Apurva Chamaria, Chief Revenue Officer, RateGain on the crucial things startups need to succeed

Apurva Chamaria

Apurva Chamaria is currently the Chief Revenue Officer at RateGain. Coming from an enviable educational background – Mayo College and then Harvard Business School, he is currently pursuing his PhD from IIT Delhi. He was the youngest Country Head of Ranbaxy (now SunPharma) and worked with HCL as Global Head of Corporate Marketing. He is also amongst the top 10 angel investors and has authored 2 books. Apurva’s reputation clearly precedes him. 

Given his keen understanding of trends and investing, his insights into startups and brands are invaluable.

When to opt for funding

“We have some amazing bootstrapped success stories in India. I would say that if God has given you the ability and resources to bootstrap, it’s definitely a great idea.” Apurva thinks that bootstrapping has several advantages – bootstrapping teaches one frugality and caring about resources. He thinks that once one figures out a very good product-market fit and unit economics are working well and one wants to grow very fast within a short period of time, then is the time to look for funding.

“Think of the VC money as the Nitrogen Oxide when you need the boost, so that you can get that spurt of growth.”

Apurva thinks that there is another reason to look for funding. If one has established product-market fit and unit economics and another big player with deep pockets tries to eat up market share, funding might be crucial at that stage. 

What do you look for in a business plan

Even before looking through the business plan, Apurva looks at the founding team. A startup needs to have a team that has resilience, since there are many ups and downs, pivots and changes. Resilience is required to stick to the course unfazed and figure out a way. 

“Once you’re convinced that the team will stick and has a passion to succeed, then you look at 3 things – desirability which means is there a product-market fit, feasibility which means is this the team that can build the product-service solution, and viability which means can they do it in a lucrative manner.”

Apurva is an investor with a long term view.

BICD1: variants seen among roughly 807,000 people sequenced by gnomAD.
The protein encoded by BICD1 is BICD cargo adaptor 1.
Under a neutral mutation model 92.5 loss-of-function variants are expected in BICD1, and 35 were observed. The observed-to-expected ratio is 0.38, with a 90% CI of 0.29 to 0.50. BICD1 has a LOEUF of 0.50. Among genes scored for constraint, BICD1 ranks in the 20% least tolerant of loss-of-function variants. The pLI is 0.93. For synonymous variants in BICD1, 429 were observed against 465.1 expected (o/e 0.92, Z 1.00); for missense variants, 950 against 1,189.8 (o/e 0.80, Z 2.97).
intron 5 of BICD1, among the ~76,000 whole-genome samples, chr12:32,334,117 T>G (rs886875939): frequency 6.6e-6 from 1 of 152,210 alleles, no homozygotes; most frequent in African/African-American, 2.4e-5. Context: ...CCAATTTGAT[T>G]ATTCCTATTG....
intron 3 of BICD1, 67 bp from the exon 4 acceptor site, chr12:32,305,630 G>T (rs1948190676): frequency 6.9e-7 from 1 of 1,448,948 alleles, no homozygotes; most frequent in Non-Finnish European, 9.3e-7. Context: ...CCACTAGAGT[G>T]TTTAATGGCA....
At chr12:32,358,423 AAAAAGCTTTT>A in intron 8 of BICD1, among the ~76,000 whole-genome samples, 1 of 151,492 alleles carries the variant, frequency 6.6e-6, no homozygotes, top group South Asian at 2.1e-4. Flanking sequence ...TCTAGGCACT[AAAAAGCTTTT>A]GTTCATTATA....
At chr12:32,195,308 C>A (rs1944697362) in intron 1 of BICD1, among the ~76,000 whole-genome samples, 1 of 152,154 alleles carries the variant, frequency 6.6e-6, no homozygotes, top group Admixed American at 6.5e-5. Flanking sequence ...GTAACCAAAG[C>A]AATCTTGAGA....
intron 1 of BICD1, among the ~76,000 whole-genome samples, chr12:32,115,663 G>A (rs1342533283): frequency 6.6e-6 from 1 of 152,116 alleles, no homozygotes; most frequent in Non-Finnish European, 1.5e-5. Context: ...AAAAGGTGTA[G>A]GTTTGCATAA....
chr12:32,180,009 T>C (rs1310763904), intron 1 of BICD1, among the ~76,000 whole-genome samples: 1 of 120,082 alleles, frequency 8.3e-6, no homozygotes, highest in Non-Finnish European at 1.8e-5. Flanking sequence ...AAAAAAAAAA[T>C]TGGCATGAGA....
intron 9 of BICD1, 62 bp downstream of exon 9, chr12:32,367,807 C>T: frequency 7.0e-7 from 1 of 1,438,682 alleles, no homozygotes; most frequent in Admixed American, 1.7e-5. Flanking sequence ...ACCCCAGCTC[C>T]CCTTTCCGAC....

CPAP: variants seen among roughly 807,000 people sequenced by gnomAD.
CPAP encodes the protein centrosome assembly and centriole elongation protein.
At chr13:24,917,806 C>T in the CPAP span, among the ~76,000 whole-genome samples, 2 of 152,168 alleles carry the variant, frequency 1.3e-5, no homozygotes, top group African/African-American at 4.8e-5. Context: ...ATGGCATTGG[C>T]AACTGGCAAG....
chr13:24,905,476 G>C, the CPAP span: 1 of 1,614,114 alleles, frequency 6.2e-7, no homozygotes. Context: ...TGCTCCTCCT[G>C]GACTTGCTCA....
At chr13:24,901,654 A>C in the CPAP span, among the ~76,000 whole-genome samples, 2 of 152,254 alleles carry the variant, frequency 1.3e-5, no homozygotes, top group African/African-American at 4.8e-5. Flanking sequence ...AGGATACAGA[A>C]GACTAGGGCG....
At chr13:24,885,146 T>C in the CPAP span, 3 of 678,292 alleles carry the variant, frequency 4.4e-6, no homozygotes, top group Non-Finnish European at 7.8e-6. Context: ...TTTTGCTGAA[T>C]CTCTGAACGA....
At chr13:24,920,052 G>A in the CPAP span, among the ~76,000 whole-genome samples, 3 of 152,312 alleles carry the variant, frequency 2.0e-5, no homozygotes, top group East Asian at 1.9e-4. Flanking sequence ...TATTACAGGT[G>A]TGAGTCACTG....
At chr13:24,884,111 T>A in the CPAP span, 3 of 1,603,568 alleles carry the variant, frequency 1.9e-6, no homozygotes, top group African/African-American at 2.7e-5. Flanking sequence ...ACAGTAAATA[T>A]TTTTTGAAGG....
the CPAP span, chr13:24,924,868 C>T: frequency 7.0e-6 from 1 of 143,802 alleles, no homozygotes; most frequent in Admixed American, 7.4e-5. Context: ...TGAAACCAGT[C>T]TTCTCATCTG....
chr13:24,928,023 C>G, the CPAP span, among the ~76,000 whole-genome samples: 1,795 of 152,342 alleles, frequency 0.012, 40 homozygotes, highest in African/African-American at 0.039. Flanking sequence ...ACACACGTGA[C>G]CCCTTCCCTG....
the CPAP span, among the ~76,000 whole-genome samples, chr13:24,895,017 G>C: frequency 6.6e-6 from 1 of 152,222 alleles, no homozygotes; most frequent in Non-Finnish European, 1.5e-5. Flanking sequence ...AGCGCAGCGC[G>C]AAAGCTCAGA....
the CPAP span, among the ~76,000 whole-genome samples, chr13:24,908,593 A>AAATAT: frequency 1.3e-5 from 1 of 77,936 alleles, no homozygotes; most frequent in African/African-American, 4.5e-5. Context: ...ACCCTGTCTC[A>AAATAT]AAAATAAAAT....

“I am from the Warren Buffet school of thought. I want to invest in companies which will stay for a 100 years. My investment style is invest to hold, invest to grow and at times, reinvest also.”

Why startups fail

“70% startups fail in the first three years due to working capital issues. Either they don’t raise enough money, or they don’t generate enough revenue or they spend even before they have it. You have to keep a very sharp eye on cash-in-hand. Cash is the king. If you generate a lot of revenue but you don’t collect on time or you end up spending ahead of time, that could lead to one of the biggest reasons.”

The second reason, according to Apurva, is that entrepreneurs start believing that whatever has been leading them to success, is what will keep them there. “They get too deeply entrenched in their own ideas. Do you have the intellectual humility to pivot and make changes?”

Apurva also believes that one of the biggest challenges that startups face is building brand trust. “You have to be really really quality conscious. Under promise and over deliver.” He strongly feels that even if it costs the firm money, they must deliver on their brand promise. “Most people are fuzzy about their brand promise. They cannot articulate it in 2-3 crisp lines.”

“Hiring is the most important thing in a business”

Apurva thinks that another big mistake that startups make is to not hire a team that can scale up with the business. Also, he thinks that it is a misconception that the right and most efficient people will also be expensive. He thinks that managers and CEOs need to be personally involved in the hiring process and find people who join for the right purpose or cause. 

“The founders need to be able to make the employees believe in the larger vision and convince them of the short-term pain and sacrifices needed for a glorious future.” 

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